close modal

Request a Reservation

Pet Lovers

01/19/2016

Without Warning: Unprovoked Aggression in Dogs

Yesterday while walking Rex, the little casanova spotted a cute little cream colored, female shaggy-type diva-dog and began whining to…

Unprovoked Rottweiler baring its teeth and barking.

Yesterday while walking Rex, the little casanova spotted a cute little cream colored, female shaggy-type diva-dog and began whining to rendezvous with her. We walked towards her and politely asked her Mom if she was friendly with other dogs. “Oh, yes…” her Mom replied, “She loves other dogs.” Diva-dog began rapidly wagging her tail and seemed excited to welcome Rex’s advance. They quietly sniffed noses for a minute when suddenly Diva-dog stiffened, turned into Devil-dog, and went on the attack! She raised her hackles and let-out a horrifying yapping growl, thrusting herself towards Rex, startling all of us… especially Rex!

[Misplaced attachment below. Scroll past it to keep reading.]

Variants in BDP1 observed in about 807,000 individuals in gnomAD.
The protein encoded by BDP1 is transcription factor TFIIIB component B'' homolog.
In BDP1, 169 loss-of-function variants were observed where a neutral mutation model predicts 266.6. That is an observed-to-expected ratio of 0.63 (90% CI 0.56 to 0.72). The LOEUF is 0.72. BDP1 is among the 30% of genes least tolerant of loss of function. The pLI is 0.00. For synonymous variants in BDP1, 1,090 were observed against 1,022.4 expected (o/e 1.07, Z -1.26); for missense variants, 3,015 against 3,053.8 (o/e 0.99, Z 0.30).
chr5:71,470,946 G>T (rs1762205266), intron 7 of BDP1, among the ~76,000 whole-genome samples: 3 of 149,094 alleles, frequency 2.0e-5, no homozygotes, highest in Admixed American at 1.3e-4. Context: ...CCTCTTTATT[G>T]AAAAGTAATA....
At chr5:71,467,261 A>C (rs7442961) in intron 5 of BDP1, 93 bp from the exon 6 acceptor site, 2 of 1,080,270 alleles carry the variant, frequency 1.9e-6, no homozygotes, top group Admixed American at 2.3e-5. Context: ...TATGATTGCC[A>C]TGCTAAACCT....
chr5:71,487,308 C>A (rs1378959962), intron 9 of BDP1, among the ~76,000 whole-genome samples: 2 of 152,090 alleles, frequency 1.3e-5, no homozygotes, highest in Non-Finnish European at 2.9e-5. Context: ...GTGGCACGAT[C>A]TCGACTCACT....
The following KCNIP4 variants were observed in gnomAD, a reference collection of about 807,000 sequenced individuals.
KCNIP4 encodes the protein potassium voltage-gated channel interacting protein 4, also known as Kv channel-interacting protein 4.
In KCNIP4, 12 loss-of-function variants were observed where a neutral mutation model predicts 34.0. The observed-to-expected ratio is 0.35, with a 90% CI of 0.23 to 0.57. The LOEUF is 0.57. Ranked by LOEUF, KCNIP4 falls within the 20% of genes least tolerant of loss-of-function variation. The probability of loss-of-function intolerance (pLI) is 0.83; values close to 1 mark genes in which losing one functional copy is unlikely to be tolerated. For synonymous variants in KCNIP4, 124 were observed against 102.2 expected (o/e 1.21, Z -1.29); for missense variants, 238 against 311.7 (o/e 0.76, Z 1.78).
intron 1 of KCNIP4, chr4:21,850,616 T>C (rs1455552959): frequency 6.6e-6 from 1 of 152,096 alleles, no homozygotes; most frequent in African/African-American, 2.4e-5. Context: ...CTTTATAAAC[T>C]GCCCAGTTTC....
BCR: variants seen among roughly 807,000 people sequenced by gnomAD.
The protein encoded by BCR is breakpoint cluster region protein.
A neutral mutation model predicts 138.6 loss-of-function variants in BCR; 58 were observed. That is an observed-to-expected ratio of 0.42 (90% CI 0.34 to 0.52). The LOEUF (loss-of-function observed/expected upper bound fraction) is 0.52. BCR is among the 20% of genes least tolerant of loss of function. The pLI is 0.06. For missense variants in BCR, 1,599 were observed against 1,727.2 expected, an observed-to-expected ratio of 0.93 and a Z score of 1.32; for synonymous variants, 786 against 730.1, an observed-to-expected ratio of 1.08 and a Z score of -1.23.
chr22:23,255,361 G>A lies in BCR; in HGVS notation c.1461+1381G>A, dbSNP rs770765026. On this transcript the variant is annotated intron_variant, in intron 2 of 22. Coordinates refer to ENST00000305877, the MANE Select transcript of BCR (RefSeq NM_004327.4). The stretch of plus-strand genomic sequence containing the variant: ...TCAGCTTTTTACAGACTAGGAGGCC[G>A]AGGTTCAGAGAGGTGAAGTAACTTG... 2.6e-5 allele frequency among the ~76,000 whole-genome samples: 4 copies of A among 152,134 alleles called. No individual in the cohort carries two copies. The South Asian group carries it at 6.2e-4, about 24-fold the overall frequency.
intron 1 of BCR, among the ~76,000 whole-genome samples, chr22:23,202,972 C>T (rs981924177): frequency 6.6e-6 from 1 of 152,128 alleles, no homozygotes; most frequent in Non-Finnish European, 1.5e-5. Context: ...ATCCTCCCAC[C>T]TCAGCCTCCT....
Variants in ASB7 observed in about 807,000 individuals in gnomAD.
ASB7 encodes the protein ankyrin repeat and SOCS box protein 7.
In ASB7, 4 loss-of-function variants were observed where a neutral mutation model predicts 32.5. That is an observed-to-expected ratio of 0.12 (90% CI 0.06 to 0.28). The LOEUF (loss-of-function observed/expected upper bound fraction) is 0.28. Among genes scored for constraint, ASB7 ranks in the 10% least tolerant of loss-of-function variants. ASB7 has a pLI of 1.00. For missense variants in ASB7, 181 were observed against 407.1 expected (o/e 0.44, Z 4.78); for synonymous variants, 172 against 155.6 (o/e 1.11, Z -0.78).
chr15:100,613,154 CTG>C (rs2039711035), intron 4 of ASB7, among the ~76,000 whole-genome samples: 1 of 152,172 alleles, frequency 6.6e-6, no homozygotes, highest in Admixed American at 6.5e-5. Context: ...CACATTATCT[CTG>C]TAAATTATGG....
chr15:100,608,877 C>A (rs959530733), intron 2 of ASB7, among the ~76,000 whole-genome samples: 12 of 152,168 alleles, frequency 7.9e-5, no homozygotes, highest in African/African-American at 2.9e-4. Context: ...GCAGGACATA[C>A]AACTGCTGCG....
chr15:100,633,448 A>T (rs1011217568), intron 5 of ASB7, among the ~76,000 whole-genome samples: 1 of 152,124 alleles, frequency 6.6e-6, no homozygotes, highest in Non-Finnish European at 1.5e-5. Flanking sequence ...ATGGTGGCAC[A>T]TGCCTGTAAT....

unprovoked aggression in dogs

The first mistake was to assume that Diva-dog’s tail wagging was friendly and welcoming. A wagging tail is not necessarily a sign of friendliness….especially a “rapidly” wagging tail, as in Diva-dog’s case. You can read more online about deciphering tail wagging language, but most experts agree that you should be wary of a rapid or almost “vibrating” tail wag. Also, Diva-dog’s sudden excitement upon the approach of a strange dog may have been misinterpreted. Perhaps her excitement is better defined as nervousness… agitation maybe?

What would make a dog suddenly, without warning or provocation, react aggressively towards another dog?

A Bad Experience

Dogs don’t soon forget if they experience an unwarranted attack by another dog. Your once friendly, well-adjusted little pooch may have had a bad experience at a dog park, for example, and now he is constantly on the defense fearing that another dog will hurt him. Maybe Diva-Dog was afraid that Rex would attack so she did not want to appear weak or vulnerable.

Another key factor to consider here is the pack theory of dominance. Dominance theory suggests that dogs behave like wolves in a wild pack, competing for rank and resources. In a situation like this, Diva-dog might have seen Rex as a threat to her position in the pack or to her resources, like her owner. This can often trigger aggressive responses.

Posessiveness